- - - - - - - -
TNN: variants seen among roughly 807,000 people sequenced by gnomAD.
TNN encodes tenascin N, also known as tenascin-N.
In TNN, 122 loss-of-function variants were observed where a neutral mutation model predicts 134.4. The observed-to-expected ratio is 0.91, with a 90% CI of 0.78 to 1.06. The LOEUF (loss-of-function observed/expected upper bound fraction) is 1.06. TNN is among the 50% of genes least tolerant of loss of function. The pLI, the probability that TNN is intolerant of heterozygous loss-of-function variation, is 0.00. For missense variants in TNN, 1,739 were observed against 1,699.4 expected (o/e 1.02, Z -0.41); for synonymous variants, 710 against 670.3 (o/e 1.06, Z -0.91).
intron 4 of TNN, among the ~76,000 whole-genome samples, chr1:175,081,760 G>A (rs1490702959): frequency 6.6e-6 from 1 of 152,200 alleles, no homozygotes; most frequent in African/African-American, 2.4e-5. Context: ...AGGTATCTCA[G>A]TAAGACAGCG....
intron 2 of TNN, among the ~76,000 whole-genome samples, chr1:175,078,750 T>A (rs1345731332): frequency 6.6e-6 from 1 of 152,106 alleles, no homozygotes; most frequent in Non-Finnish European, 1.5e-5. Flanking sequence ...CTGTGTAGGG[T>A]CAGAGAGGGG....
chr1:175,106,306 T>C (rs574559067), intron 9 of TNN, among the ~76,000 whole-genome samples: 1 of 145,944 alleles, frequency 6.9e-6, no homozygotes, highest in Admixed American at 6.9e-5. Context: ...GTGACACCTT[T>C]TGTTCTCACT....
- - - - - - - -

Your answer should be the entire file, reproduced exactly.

TNN: variants seen among roughly 807,000 people sequenced by gnomAD.
TNN encodes tenascin N, also known as tenascin-N.
In TNN, 122 loss-of-function variants were observed where a neutral mutation model predicts 134.4. The observed-to-expected ratio is 0.91, with a 90% CI of 0.78 to 1.06. The LOEUF (loss-of-function observed/expected upper bound fraction) is 1.06. TNN is among the 50% of genes least tolerant of loss of function. The pLI, the probability that TNN is intolerant of heterozygous loss-of-function variation, is 0.00. For missense variants in TNN, 1,739 were observed against 1,699.4 expected (o/e 1.02, Z -0.41); for synonymous variants, 710 against 670.3 (o/e 1.06, Z -0.91).
intron 4 of TNN, among the ~76,000 whole-genome samples, chr1:175,081,760 G>A (rs1490702959): frequency 6.6e-6 from 1 of 152,200 alleles, no homozygotes; most frequent in African/African-American, 2.4e-5. Context: ...AGGTATCTCA[G>A]TAAGACAGCG....
intron 2 of TNN, among the ~76,000 whole-genome samples, chr1:175,078,750 T>A (rs1345731332): frequency 6.6e-6 from 1 of 152,106 alleles, no homozygotes; most frequent in Non-Finnish European, 1.5e-5. Flanking sequence ...CTGTGTAGGG[T>A]CAGAGAGGGG....
chr1:175,106,306 T>C (rs574559067), intron 9 of TNN, among the ~76,000 whole-genome samples: 1 of 145,944 alleles, frequency 6.9e-6, no homozygotes, highest in Admixed American at 6.9e-5. Context: ...GTGACACCTT[T>C]TGTTCTCACT....